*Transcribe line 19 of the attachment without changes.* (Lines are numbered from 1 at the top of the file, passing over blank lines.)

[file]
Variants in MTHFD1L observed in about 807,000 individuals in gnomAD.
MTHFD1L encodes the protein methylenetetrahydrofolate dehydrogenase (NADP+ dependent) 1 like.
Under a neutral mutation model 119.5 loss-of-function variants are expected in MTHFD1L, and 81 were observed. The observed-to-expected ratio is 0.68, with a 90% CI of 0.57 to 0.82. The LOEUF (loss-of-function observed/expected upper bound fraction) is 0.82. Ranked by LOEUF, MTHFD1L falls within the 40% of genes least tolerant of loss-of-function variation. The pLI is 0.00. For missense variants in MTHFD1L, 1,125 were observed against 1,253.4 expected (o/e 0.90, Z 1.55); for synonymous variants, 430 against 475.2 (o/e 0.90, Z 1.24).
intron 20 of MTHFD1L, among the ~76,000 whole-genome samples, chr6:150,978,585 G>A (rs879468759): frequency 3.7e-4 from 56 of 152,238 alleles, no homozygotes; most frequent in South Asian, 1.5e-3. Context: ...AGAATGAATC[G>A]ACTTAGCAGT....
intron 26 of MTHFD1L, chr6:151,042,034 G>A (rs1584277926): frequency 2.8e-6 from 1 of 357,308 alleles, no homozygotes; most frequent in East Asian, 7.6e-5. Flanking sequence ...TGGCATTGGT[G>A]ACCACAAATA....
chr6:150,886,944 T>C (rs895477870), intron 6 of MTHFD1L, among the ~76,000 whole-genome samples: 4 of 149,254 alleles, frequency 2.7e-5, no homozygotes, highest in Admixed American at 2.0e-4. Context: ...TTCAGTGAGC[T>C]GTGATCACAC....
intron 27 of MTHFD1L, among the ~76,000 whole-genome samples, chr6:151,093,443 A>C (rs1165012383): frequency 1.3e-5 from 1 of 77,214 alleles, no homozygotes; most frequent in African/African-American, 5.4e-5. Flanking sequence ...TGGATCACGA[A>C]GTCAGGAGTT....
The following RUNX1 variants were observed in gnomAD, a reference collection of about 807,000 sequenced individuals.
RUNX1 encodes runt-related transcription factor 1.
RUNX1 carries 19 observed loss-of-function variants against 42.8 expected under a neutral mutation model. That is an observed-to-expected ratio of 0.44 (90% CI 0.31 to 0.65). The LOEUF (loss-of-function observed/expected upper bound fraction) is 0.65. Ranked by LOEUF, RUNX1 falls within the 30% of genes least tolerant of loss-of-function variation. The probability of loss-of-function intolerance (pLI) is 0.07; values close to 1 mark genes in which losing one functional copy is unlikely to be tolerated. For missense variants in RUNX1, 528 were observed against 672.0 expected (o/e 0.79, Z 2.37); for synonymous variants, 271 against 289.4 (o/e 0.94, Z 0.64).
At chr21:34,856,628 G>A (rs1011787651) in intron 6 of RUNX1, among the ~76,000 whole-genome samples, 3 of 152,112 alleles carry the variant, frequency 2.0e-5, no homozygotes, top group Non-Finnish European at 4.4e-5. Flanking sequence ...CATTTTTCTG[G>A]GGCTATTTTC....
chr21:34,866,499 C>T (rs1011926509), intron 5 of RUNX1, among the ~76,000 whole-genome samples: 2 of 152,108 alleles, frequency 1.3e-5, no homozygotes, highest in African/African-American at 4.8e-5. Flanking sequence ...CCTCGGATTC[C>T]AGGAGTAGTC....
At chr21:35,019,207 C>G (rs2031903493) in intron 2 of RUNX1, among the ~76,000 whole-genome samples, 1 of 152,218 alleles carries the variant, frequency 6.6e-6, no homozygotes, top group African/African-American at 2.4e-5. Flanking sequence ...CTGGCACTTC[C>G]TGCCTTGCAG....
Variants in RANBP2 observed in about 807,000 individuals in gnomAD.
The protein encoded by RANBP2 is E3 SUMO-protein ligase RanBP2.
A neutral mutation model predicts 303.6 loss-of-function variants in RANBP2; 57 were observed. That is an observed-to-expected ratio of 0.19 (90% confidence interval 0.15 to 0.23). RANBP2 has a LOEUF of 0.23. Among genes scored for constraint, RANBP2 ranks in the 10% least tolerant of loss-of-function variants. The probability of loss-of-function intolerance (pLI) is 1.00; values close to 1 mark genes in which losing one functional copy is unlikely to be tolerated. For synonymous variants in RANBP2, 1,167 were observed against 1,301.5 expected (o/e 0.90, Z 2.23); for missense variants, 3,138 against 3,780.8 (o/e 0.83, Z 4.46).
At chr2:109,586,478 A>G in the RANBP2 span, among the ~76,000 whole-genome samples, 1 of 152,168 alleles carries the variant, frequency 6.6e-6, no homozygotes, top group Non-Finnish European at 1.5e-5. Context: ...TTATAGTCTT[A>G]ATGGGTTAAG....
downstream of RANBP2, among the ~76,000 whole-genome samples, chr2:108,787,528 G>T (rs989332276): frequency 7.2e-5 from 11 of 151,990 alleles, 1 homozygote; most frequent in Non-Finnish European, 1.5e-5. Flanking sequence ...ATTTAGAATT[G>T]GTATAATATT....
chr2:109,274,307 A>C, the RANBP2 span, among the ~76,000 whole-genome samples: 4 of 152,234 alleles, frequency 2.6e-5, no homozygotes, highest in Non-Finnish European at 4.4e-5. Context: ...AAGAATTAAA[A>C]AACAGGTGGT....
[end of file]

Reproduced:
chr2:109,274,307 A>C, the RANBP2 span, among the ~76,000 whole-genome samples: 4 of 152,234 alleles, frequency 2.6e-5, no homozygotes, highest in Non-Finnish European at 4.4e-5. Context: ...AAGAATTAAA[A>C]AACAGGTGGT....